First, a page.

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Truckers News Staff | October 01, 2011

We have enough regulations to solve our problems

The EOBR, CSA, new medical regulations, Mexican trucks. How much more is it going to take? [Our] industry has the power to do something and we do nothing.

I could write a 10-page letter and list all of my personal aggravations, but let’s just get to the point. The simple thing to do is use the regulations already in place to get the changes we want so we can get to where we can at least make a living.

Think about this: What if for the month of August everyone started their 34-hour restart Monday morning at 9 a.m.? There are five Mondays in August so what if even 60 percent of trucks sat from 9 a.m. Monday to 9 p.m. Tuesday for their 34-hour restart? What are they going to do, give out tickets for following the rules?

The only way to make somebody understand there’s a problem is when it costs them money. If you would have warehouses that can’t supply their customers because they only had deliveries for three days instead of five, cafes that can’t serve meals because they didn’t get their daily deliveries, and gas stations that have no gas to sell for two days, then you’re probably going to get some attention.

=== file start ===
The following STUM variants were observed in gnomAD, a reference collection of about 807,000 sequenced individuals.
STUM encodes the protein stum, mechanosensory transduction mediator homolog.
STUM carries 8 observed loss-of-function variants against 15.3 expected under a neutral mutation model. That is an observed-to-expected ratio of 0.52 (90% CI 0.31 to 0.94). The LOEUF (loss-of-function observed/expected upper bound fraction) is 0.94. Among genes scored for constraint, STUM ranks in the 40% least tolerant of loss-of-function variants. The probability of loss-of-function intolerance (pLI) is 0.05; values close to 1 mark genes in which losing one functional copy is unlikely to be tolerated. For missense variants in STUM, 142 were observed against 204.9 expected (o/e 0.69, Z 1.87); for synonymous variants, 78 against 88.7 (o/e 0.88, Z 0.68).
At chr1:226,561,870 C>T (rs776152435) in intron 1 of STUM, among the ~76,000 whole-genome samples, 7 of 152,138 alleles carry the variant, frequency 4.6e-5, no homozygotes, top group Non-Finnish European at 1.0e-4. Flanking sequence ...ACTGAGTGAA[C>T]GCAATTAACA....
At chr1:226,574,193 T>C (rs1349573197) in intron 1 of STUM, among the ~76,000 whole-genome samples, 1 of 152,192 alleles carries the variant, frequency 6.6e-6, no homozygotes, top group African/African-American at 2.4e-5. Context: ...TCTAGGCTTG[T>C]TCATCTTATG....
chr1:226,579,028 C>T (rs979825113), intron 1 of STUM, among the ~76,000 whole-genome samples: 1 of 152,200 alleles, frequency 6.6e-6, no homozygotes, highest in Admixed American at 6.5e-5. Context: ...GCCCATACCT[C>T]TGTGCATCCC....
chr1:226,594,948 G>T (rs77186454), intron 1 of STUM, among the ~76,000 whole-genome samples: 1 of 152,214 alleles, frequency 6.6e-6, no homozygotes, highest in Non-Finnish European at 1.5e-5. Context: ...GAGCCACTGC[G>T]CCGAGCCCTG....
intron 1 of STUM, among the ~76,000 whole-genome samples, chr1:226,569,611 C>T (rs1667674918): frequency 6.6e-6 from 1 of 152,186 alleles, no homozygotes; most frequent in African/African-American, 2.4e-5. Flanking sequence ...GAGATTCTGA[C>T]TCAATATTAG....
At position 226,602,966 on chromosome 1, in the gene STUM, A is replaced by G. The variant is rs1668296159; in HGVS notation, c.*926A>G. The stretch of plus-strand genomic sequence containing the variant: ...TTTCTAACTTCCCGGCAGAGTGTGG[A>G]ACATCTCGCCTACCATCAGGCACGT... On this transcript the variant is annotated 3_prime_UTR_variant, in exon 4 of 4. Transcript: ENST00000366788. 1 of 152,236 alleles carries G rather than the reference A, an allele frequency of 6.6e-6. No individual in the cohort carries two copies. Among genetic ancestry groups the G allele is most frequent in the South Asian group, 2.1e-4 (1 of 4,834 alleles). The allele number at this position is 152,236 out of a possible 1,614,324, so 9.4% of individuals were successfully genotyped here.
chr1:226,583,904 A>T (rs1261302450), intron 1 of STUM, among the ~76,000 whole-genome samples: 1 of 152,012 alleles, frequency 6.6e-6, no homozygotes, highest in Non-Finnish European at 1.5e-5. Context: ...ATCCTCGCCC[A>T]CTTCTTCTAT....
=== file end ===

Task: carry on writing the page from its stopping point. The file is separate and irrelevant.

Actions speak louder than words. So the ATA lobbying Congress or challenging a regulation in court is all a waste of time and money. If people started to run out of everyday items, maybe they would realize what trucks do for them.

I’m not against safety, but the problem with trucking regulations is that to government it’s not about safety, it’s just a revenue source. If it was really about safety, then DOT inspectors would be mechanics or, at the very least, former truck drivers. It never ceases to amaze me that somebody who probably couldn’t move my truck 100 feet without tearing something up can tell me everything that’s wrong with it.

This is something that companies should be able to get on board with to prove your drivers follow all the rules. If this was done right, we might even be able to get a national education program to explain the concept of [highway merging] to people.

Donna Gibbons

Kuna, Idaho


Drivers responsible for industry’s decline

This is in answer to the letter published in the July issue, titled “Industry leaning too far left,” claiming the Obama administration is antibusiness, anti-oil and anti-coal and why anyone in this industry would support Obama’s policies is hard for the writer to understand. The writer of this letter must have been on sabbatical from 2000 to 2008 or he was a supporter of the Republican policies because here is what the Bush administration did for small business truckers and consumers alike:

1. They gave us $4-a-gallon gas and diesel, gave big oil $9 billion in subsidies from our tax dollars, while they were making billions of dollars in profit quarterly.

2. Were against the mandatory fuel surcharge.

3. Backed and signed the bill to enable states to toll all existing interstates. Also, enabling states to sell, to the highest bidder, our existing toll roads, like in Indiana.

4. Went all the way to the Supreme Court to get Mexican trucks into the lower 48 states.

5. Lost 7 million jobs, most in the manufacturing industry.

I could go on and on but we, as business men and women, taxpayers, and consumers, were left with quite a mess. So, if Obama is anti-big business and the Republicans are anti-small business, not only is trucking in trouble, the whole country is.

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